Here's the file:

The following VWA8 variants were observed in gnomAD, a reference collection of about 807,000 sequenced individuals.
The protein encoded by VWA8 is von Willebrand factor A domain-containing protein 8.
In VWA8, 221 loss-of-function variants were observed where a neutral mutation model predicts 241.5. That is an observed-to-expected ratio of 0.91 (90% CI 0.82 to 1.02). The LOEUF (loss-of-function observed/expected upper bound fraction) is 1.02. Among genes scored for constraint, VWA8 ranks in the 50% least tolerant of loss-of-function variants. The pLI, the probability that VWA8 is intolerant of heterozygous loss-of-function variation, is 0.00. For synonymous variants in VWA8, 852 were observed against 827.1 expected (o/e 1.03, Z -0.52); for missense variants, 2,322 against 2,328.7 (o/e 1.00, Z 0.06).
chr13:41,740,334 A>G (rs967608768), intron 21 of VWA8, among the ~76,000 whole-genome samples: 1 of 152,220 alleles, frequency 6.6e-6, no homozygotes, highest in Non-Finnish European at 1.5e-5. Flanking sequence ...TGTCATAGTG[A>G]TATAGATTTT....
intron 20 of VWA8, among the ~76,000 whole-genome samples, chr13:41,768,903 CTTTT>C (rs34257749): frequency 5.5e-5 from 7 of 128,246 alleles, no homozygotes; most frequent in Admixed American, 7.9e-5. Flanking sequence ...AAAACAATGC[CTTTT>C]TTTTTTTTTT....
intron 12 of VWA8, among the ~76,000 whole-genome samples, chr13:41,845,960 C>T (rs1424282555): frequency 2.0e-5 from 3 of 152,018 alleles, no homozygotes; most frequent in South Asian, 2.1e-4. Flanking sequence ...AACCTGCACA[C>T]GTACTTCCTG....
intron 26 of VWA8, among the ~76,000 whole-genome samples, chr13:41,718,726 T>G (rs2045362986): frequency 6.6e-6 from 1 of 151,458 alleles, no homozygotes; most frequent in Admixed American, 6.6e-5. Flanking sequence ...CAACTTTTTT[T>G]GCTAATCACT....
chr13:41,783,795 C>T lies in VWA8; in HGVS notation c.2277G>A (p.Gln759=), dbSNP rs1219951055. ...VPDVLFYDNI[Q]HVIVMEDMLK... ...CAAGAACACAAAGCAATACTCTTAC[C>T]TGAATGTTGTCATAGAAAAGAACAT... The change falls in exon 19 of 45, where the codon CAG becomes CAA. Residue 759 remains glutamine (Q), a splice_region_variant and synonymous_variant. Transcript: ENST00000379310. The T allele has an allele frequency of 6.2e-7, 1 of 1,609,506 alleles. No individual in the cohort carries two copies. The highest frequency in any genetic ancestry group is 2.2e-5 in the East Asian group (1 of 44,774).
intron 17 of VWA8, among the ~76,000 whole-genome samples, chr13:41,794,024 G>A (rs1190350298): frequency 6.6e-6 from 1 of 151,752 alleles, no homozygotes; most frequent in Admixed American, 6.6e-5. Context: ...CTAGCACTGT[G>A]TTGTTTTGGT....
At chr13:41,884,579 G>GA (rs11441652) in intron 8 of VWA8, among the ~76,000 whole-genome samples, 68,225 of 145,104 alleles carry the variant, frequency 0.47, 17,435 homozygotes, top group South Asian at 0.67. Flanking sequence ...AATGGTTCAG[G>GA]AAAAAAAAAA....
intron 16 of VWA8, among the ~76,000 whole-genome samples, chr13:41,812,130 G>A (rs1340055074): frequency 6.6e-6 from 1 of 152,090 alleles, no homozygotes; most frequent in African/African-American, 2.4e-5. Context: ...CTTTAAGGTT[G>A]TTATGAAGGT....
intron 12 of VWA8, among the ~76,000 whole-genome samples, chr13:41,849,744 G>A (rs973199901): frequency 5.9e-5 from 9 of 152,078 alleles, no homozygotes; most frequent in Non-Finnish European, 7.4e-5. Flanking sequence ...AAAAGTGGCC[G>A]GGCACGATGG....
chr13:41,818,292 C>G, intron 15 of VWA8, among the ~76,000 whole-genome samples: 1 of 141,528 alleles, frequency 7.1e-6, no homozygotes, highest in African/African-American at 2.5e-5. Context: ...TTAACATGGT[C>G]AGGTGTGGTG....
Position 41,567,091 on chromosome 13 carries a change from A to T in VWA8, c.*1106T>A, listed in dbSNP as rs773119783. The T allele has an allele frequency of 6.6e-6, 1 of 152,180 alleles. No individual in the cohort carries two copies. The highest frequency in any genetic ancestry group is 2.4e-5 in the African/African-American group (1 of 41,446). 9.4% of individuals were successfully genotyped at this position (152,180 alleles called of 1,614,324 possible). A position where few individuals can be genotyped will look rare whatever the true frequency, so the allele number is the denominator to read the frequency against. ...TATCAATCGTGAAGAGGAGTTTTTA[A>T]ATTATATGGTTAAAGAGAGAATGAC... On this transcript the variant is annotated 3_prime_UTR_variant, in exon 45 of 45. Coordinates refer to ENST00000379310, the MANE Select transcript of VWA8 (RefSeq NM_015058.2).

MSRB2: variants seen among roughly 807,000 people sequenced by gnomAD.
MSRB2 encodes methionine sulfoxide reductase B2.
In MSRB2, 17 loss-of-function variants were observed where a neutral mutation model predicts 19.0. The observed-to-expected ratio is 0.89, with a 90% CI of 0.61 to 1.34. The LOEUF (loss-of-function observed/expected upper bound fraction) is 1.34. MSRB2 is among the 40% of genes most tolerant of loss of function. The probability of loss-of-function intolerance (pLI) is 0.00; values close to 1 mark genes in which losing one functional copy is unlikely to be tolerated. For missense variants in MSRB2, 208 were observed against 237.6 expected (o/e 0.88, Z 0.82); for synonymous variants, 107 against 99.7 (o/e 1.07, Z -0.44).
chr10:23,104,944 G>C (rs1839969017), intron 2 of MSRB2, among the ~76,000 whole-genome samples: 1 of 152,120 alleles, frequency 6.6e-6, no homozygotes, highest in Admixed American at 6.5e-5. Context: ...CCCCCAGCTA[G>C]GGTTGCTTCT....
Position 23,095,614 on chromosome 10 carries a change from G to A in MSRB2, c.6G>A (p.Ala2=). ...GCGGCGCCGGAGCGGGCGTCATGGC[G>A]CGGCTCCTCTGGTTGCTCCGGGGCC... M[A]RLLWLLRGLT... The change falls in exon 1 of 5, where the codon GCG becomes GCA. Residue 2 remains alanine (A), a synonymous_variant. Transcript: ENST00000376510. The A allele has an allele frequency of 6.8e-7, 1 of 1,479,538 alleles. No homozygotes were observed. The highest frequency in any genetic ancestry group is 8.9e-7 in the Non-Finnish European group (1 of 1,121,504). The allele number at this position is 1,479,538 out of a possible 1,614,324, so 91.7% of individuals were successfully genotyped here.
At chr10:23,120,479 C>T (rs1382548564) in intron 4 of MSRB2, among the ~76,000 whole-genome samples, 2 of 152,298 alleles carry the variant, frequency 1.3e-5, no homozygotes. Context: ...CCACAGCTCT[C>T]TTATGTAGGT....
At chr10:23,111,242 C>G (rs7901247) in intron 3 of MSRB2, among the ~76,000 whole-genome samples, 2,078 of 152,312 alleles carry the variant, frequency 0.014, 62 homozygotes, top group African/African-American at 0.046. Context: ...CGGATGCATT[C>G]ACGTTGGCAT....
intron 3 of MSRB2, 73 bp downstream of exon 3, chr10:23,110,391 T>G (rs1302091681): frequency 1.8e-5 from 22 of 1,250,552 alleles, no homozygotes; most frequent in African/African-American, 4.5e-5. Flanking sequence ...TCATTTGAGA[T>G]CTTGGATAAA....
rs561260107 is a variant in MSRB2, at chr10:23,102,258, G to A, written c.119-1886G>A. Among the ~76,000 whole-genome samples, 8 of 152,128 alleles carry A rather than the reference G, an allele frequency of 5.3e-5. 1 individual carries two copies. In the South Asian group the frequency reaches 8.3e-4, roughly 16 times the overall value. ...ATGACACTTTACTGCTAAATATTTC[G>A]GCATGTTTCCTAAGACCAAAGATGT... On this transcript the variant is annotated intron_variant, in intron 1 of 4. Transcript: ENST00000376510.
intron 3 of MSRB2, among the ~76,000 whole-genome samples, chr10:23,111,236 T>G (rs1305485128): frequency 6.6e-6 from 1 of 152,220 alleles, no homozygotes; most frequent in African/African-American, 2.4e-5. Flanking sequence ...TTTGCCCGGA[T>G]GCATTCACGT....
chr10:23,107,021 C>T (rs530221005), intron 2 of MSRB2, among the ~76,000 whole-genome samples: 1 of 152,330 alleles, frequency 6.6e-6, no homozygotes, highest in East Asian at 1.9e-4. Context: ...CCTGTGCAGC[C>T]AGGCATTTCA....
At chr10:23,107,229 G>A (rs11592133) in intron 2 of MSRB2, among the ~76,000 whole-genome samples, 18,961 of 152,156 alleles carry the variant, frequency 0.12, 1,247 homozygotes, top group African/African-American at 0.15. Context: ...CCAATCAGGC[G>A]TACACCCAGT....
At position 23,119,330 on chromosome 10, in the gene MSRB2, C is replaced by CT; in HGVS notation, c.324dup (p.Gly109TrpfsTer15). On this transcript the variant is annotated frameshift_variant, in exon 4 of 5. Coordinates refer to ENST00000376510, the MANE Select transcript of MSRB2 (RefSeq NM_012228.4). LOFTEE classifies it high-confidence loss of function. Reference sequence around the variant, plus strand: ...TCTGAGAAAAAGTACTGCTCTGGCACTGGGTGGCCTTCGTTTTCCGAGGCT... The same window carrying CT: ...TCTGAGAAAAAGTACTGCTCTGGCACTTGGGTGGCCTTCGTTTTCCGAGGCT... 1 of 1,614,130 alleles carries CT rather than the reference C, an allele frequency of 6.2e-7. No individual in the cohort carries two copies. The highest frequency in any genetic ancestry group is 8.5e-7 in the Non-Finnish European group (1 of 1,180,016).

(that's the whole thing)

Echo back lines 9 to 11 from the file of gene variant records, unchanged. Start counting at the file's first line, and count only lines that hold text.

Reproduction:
intron 17 of VWA8, among the ~76,000 whole-genome samples, chr13:41,794,024 G>A (rs1190350298): frequency 6.6e-6 from 1 of 151,752 alleles, no homozygotes; most frequent in Admixed American, 6.6e-5. Context: ...CTAGCACTGT[G>A]TTGTTTTGGT....
At chr13:41,884,579 G>GA (rs11441652) in intron 8 of VWA8, among the ~76,000 whole-genome samples, 68,225 of 145,104 alleles carry the variant, frequency 0.47, 17,435 homozygotes, top group South Asian at 0.67. Flanking sequence ...AATGGTTCAG[G>GA]AAAAAAAAAA....
intron 16 of VWA8, among the ~76,000 whole-genome samples, chr13:41,812,130 G>A (rs1340055074): frequency 6.6e-6 from 1 of 152,090 alleles, no homozygotes; most frequent in African/African-American, 2.4e-5. Context: ...CTTTAAGGTT[G>A]TTATGAAGGT....